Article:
The Saturday Interview

David Oyelowo: ‘I just wanted to see an Alice and a Peter who look like me and my kids’

The British-born actor admits he was surprised when he was offered the lead in a new Alice in Wonderland and Peter Pan fantasy but, he tells Stephanie Phillips, he’d prefer not to always have to talk about race, especially when ‘actors like Benedict Cumberbatch and Tom Hardy get to just talk about their movies’

Saturday 19 December 2020 08:04 GMT
(Austin Hargrave)

Ask David Oyelowo why he wanted to be an actor and he’ll tell you it was simply all about the storytelling. It is an honourable outlook that many actors espouse, but whether due to timing or wider cultural anxieties, too often Oyelowo has found his identity creates its own story too. “So often the films and projects I’m part of become politicised,” he tells me over Zoom, “because they are either the first time something has happened, or I have insisted on playing [a role] that isn’t traditionally afforded to someone like me.”

Calling from the LA home that he shares with his wife, actor Jessica Oyelowo, his four children (whose ages range from nine to 19), and his pet chickens and dogs, the 44-year-old actor is in a reflective mood. He speaks in unhurried, dulcet tones, his stage-crafted London accent still intact despite his many years in America, as he remembers when the Facebook page for true-life romantic drama A United Kingdom was taken down after it was flooded by racists or when his career-defining turn as Martin Luther King in Ava DuVernay’s Selma was the centre of the #OscarsSoWhite campaign after the film was snubbed by the awards ceremony. Even his latest project, the charming live-action fairy tale Come Away, has faced backlash because the film reimagines the beloved characters of Alice in Wonderland and Peter Pan as mixed race.

He seems a little exhausted – as would be expected when one not only has to navigate the sort of backlash that shows the depths to which modern society can sink, but also spearhead the fight for change. “On the one hand, it's an honour to be part of cultural moments that feel significant beyond the piece and beyond me,” says Oyelowo, gently swaying in his chair as he pauses to choose his words carefully. “And then on the other hand, I look at actors like Benedict Cumberbatch and Tom Hardy and they just talk about their movies and move on to the next one.” He laments, “Maybe my kids will have that luxury; I don't know that it will happen for me yet.”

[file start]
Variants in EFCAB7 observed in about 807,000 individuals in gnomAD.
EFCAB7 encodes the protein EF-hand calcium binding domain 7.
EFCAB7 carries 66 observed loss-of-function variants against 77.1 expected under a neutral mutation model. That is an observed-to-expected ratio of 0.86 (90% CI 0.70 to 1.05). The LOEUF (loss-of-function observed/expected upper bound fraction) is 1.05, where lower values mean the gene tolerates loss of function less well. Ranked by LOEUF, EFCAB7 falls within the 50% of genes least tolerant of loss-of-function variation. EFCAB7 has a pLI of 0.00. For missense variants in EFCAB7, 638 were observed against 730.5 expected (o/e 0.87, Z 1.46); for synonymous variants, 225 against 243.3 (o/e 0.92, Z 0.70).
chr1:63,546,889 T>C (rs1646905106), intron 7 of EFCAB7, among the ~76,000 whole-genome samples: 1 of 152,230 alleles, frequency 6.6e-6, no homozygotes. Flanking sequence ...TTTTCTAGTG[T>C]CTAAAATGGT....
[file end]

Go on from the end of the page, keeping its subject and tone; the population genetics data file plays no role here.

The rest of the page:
Although he is curious about a life where race does not set the narrative, for now, blessed with an awareness of his own impact, Oyelowo seeks out projects that “have a cultural impact that transcends entertainment”. Oyelowo is serious, without coming across as overly earnest. He has long been an actor who can bring elegance and gravitas to a role, allowing the audience to sympathise with or gain a new understanding of complex characters. He is a man who wakes up and thinks of how he wants to be remembered.

Perhaps the impact of his roles has pushed the narrative further so conversations on race can be had? “Well, who knows, I’ll roll with the punches,” he blushes before suddenly becoming solemn. “The thing that I know to be true is that I want to leave the world different than I found it. I want to leave it better.”

Oyelowo was born in Oxford, and from the age of five he lived in Nigeria where his family is part of a royal Yoruba tribe. Being raised in a majority Black country for much of his youth had a lasting impact on Oyelowo’s sense of self, as he told American public radio station NPR in 2015, “To know you came from a lineage of kings; to know that you came from a place whereby every opportunity afforded within that society is yours for the taking – it makes you get out of your bed a very different way than if you feel like today is yet another fight.” He took that self-belief and love of his Nigerian identity to the UK when he moved back in his teen years. After the promise of a hot date led him to his first performance at the National Youth Theatre as a teenager, Oyelowo was encouraged to pursue acting as a career by his theatre studies teacher. He won a scholarship to the prestigious London Academy of Music and Dramatic Art before joining the Royal Shakespeare Company.

In 2001, he made history with his performance as King Henry VI at the Swan Theatre in Stratford, becoming the first Black actor to portray a king of England in a major production of Shakespeare. Since then, Oyelowo has relished taking on roles that represent the complexity of people of African descent. This search for complexity has guided Oyelowo’s career, propelling him into blockbuster films like the Tom Cruise action romp Jack Reacher, award-season buzz-worthy dramas like Lee Daniels’s The Butler, and the disturbing one-man psychological drama Nightingale.

It is this pursuit for representation that led Oyelowo to Come Away, in which he stars alongside Angelina Jolie, as the doting but flawed father Jack whose life is upended by a devastating family tragedy. Though the film depicts a multiracial family in Victorian England, race is never explicitly discussed. The family were originally written as white until director Brenda Chapman, the Oscar winning director of Pixar’s Brave, realised Oyelowo would be a perfect choice, though he himself did not see this at first.

“If I’m totally honest, I was really surprised that I’d been approached,” Oyelowo confides. “I’ve loved Alice in Wonderland and Peter Pan. I watched them, I read them, but I’ve never seen myself reflected in them.” Once he realised his agent hadn’t sent him the wrong script, he was immediately on board. “I just wanted to see an Alice and a Peter who look like me and my kids.”

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Oyelowo in ‘Come Away’ (Signature Entertainment)